Laser Hair Removal
How It Works
Laser hair removal is one of the most common cosmetic treatments in the United States. The procedure beams highly concentrated light into hair follicles. The light energy is converted to heat, which damages the tube-shaped sacs within the skin (hair follicles) that produce hairs. This damage inhibits or delays future hair growth.
What you can expect
Laser hair removal usually requires a series of two to six treatments. The interval between treatments will vary depending on the location. On areas where hair grows quickly, such as the upper lip, the treatment might be repeated in four to eight weeks. On areas of slow hair growth, such as the back, the treatment might be every 12 to 16 weeks.
For each treatment you’ll wear special goggles to protect your eyes from the laser beam. An assistant might shave the site again if necessary. The doctor might apply a topical anesthetic to your skin to reduce any discomfort during treatment.
During the procedure
The doctor will press a hand-held laser instrument to your skin. Depending on the type of laser, a cooling device on the tip of the instrument or a cool gel might be used to protect your skin and lessen the risk of side effects.
When the doctor activates the laser, the laser beam will pass through your skin to the hair follicles. The intense heat from the laser beam damages the hair follicles, which inhibits hair growth. You might feel discomfort, such as a warm pinprick, and you’ll likely feel a sensation of cold from the cooling device or gel.
Treating a small area, such as the upper lip, might take only a few minutes. Treating a larger area, such as the back, might take more than an hour.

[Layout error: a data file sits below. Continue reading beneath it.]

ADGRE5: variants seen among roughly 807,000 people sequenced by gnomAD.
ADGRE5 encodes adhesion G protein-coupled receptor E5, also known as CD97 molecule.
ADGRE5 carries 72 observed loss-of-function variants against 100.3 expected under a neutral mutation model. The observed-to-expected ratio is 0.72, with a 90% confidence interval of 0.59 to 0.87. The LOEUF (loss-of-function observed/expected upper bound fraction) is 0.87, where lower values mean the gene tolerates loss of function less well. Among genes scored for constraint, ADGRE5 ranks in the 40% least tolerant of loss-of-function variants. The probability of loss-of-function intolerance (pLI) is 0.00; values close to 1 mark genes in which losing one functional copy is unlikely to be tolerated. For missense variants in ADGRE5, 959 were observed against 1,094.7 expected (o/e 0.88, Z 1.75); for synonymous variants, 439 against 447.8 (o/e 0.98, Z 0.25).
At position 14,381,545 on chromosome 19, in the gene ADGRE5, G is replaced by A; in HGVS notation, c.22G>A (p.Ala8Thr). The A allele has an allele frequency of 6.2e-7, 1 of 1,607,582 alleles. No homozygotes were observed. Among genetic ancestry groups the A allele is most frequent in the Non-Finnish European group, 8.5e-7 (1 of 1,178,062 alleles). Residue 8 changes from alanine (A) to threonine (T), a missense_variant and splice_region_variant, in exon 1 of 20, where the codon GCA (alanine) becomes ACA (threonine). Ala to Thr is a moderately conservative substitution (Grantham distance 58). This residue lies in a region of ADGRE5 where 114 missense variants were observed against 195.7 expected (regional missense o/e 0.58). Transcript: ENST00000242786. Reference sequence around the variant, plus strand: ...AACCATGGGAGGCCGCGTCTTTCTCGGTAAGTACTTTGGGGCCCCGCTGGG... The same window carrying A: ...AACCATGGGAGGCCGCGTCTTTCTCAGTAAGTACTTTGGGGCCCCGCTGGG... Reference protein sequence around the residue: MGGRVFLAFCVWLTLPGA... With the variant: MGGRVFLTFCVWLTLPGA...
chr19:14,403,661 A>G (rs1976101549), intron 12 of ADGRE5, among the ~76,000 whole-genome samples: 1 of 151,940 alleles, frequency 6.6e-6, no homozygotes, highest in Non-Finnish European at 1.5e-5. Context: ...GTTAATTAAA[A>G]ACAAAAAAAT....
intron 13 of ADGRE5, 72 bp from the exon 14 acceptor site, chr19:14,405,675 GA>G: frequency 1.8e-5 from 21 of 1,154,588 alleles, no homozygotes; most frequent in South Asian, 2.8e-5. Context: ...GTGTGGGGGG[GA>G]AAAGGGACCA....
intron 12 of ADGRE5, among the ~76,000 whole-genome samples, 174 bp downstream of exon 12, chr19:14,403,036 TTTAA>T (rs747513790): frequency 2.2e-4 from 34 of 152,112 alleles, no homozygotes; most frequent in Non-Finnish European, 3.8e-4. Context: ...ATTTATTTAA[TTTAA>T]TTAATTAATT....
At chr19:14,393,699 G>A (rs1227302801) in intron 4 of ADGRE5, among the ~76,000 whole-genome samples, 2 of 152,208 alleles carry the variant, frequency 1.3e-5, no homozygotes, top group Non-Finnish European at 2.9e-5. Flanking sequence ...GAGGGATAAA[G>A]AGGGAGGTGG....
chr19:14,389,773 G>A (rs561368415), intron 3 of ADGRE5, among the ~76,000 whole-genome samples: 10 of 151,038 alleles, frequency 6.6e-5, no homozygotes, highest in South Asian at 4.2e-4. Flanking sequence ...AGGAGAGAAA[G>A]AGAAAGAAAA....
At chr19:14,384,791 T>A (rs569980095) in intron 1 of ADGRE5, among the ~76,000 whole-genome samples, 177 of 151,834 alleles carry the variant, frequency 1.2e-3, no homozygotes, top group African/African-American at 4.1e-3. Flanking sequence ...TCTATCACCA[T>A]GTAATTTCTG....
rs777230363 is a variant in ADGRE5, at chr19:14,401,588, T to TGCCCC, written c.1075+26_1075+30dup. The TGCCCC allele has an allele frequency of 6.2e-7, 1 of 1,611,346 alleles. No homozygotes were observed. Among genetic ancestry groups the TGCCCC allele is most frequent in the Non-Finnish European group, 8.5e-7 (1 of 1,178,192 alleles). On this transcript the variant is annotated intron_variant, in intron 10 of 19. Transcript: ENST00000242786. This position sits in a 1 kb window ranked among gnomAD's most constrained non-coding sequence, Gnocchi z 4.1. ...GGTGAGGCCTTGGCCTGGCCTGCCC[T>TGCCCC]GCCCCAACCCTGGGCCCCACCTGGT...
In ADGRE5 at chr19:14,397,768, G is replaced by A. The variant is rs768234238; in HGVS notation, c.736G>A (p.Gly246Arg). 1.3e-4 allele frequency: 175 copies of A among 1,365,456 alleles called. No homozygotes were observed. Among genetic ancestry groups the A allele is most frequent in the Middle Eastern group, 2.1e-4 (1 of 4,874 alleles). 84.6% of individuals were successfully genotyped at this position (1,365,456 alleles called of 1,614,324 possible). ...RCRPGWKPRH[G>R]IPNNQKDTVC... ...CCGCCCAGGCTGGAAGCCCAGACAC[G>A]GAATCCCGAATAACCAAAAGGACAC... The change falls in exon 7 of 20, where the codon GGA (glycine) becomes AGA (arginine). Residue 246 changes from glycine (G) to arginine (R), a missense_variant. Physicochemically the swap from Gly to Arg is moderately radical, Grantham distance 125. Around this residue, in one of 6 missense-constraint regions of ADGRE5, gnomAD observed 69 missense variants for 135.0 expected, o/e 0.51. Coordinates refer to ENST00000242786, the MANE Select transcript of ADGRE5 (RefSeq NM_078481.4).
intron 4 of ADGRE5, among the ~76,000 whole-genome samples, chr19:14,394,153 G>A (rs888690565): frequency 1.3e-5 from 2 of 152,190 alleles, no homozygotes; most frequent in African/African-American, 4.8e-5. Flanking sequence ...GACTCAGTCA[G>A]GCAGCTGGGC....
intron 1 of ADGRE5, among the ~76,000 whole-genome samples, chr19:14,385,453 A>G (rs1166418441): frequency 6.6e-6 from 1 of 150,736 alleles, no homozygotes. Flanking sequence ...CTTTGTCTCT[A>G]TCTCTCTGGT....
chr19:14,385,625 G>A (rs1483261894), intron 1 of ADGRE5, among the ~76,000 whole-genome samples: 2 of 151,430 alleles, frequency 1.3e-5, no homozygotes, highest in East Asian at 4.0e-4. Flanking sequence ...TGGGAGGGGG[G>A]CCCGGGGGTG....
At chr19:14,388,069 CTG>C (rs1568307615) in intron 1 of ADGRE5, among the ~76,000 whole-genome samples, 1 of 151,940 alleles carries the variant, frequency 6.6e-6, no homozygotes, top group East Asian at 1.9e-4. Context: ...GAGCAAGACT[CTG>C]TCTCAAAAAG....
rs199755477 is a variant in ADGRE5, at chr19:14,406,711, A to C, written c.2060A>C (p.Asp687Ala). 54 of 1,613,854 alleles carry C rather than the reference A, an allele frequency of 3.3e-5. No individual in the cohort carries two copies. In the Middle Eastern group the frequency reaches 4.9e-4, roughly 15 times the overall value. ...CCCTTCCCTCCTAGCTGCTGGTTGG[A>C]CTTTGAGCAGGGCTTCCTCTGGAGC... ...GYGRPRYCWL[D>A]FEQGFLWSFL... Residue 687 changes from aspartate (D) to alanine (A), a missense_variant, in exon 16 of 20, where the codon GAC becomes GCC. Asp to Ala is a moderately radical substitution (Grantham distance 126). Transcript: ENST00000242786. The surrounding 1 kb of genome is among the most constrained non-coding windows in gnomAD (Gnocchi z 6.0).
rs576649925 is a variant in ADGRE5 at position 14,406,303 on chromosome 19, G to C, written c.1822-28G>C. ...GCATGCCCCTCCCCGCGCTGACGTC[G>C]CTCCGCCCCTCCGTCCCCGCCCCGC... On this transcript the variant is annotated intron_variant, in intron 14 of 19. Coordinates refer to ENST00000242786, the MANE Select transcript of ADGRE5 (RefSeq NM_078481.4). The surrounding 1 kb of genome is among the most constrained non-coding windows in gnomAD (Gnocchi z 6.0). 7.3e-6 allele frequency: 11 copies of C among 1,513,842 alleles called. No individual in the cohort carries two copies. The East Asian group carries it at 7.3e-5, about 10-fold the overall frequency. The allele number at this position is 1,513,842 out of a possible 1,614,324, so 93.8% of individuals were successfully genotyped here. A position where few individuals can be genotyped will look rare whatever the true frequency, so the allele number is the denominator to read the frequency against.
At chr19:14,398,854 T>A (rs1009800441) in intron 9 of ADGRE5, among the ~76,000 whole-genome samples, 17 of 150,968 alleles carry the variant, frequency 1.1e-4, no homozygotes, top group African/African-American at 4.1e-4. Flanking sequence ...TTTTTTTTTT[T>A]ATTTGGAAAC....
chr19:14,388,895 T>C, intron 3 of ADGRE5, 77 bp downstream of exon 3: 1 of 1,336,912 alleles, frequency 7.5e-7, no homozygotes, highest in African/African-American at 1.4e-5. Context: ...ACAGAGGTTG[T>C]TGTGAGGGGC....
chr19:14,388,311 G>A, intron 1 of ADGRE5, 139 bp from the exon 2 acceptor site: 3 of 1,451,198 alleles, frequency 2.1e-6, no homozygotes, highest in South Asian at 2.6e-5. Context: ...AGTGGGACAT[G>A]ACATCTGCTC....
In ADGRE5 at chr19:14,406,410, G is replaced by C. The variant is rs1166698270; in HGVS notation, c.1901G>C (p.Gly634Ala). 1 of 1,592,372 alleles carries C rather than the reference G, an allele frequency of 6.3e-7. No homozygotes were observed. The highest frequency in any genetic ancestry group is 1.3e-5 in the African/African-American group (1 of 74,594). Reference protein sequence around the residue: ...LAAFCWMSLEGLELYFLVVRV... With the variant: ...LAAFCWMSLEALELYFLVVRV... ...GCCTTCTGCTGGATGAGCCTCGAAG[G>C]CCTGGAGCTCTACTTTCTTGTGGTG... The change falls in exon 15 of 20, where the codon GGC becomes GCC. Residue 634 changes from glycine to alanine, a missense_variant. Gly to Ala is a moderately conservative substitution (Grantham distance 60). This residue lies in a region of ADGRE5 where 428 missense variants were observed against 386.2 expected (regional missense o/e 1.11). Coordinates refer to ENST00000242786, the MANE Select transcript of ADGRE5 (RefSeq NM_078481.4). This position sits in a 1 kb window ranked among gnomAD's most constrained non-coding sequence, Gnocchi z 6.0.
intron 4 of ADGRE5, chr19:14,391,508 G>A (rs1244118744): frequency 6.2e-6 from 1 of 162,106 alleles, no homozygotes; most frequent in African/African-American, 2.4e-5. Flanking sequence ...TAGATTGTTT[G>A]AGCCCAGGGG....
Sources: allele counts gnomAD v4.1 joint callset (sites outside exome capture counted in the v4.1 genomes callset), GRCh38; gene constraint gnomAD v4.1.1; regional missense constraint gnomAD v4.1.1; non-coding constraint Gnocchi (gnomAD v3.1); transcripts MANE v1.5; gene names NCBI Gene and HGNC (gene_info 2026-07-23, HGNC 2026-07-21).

After the procedure
You might notice redness and swelling for the first few hours after laser hair removal.
To reduce any discomfort, apply ice to the treated area. If you have a skin reaction immediately after laser hair removal, the doctor might apply a steroid cream to the affected area.
After laser hair removal and between scheduled treatments, avoid sun exposure — both natural sunlight and tanning beds — for six weeks or as directed by your doctor. Use a broad-spectrum sunscreen daily.
Hairs do not fall out immediately, but you will shed them over a period of days to weeks. This may look like continued hair growth. The repeated treatments are usually necessary because hair growth and loss naturally occur in a cycle, and laser treatment works best with hair follicles in the new-growth stage.
Results vary significantly and are difficult to predict. Most people experience hair removal that lasts several months, and it might last for years, but laser hair removal doesn’t guarantee permanent hair removal. When hair regrows, it’s usually finer and lighter in color.
You might need maintenance laser treatments for long-term hair reduction.
Risks of side effects vary with skin type, hair color, treatment plan and adherence to pre-treatment and post-treatment care. The most common side effects of laser hair removal include:
- Skin irritation. Temporary discomfort, redness and swelling are possible after laser hair removal. Any signs and symptoms typically disappear within several hours.
- Pigment changes. Laser hair removal might darken or lighten the affected skin, usually temporarily. Skin lightening primarily affects those who don’t avoid sun exposure before or after treatment and those who have darker skin.
Rarely, laser hair removal can cause blistering, crusting, scarring or other changes in skin texture. Other rare side effects include graying of treated hair or excessive hair growth around treated areas, particularly on darker skin.
Laser hair removal isn’t recommended for eyelids, eyebrows or surrounding areas, due to the possibility of severe eye injury.